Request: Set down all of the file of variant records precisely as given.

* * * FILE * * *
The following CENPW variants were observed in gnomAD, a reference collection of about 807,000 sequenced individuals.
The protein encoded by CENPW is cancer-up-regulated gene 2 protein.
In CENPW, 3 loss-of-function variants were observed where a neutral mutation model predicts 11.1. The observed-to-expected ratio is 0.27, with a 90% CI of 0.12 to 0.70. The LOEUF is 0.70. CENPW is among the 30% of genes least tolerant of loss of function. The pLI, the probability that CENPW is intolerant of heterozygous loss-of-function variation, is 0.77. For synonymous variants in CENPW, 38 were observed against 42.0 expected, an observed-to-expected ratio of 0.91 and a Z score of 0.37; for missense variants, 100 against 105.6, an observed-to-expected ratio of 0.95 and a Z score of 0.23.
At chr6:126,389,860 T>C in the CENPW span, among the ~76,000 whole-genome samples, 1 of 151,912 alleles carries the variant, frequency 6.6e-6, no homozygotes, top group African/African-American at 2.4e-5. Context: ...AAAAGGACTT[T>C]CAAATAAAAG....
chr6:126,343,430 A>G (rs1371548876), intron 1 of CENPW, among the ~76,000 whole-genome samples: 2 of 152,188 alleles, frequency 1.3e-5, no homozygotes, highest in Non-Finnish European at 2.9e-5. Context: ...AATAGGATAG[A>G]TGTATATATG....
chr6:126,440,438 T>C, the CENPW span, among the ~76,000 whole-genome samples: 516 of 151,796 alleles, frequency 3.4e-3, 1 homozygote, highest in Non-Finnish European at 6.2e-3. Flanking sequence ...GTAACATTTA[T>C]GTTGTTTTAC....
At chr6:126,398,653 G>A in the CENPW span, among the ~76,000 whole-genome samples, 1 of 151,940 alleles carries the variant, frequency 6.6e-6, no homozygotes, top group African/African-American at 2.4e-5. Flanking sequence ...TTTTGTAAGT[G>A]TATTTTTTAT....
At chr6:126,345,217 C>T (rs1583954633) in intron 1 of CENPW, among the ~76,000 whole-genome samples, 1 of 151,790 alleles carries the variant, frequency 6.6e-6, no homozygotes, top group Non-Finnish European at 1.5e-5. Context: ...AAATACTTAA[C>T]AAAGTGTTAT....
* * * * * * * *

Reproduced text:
The following CENPW variants were observed in gnomAD, a reference collection of about 807,000 sequenced individuals.
The protein encoded by CENPW is cancer-up-regulated gene 2 protein.
In CENPW, 3 loss-of-function variants were observed where a neutral mutation model predicts 11.1. The observed-to-expected ratio is 0.27, with a 90% CI of 0.12 to 0.70. The LOEUF is 0.70. CENPW is among the 30% of genes least tolerant of loss of function. The pLI, the probability that CENPW is intolerant of heterozygous loss-of-function variation, is 0.77. For synonymous variants in CENPW, 38 were observed against 42.0 expected, an observed-to-expected ratio of 0.91 and a Z score of 0.37; for missense variants, 100 against 105.6, an observed-to-expected ratio of 0.95 and a Z score of 0.23.
At chr6:126,389,860 T>C in the CENPW span, among the ~76,000 whole-genome samples, 1 of 151,912 alleles carries the variant, frequency 6.6e-6, no homozygotes, top group African/African-American at 2.4e-5. Context: ...AAAAGGACTT[T>C]CAAATAAAAG....
chr6:126,343,430 A>G (rs1371548876), intron 1 of CENPW, among the ~76,000 whole-genome samples: 2 of 152,188 alleles, frequency 1.3e-5, no homozygotes, highest in Non-Finnish European at 2.9e-5. Context: ...AATAGGATAG[A>G]TGTATATATG....
chr6:126,440,438 T>C, the CENPW span, among the ~76,000 whole-genome samples: 516 of 151,796 alleles, frequency 3.4e-3, 1 homozygote, highest in Non-Finnish European at 6.2e-3. Flanking sequence ...GTAACATTTA[T>C]GTTGTTTTAC....
At chr6:126,398,653 G>A in the CENPW span, among the ~76,000 whole-genome samples, 1 of 151,940 alleles carries the variant, frequency 6.6e-6, no homozygotes, top group African/African-American at 2.4e-5. Flanking sequence ...TTTTGTAAGT[G>A]TATTTTTTAT....
At chr6:126,345,217 C>T (rs1583954633) in intron 1 of CENPW, among the ~76,000 whole-genome samples, 1 of 151,790 alleles carries the variant, frequency 6.6e-6, no homozygotes, top group Non-Finnish European at 1.5e-5. Context: ...AAATACTTAA[C>T]AAAGTGTTAT....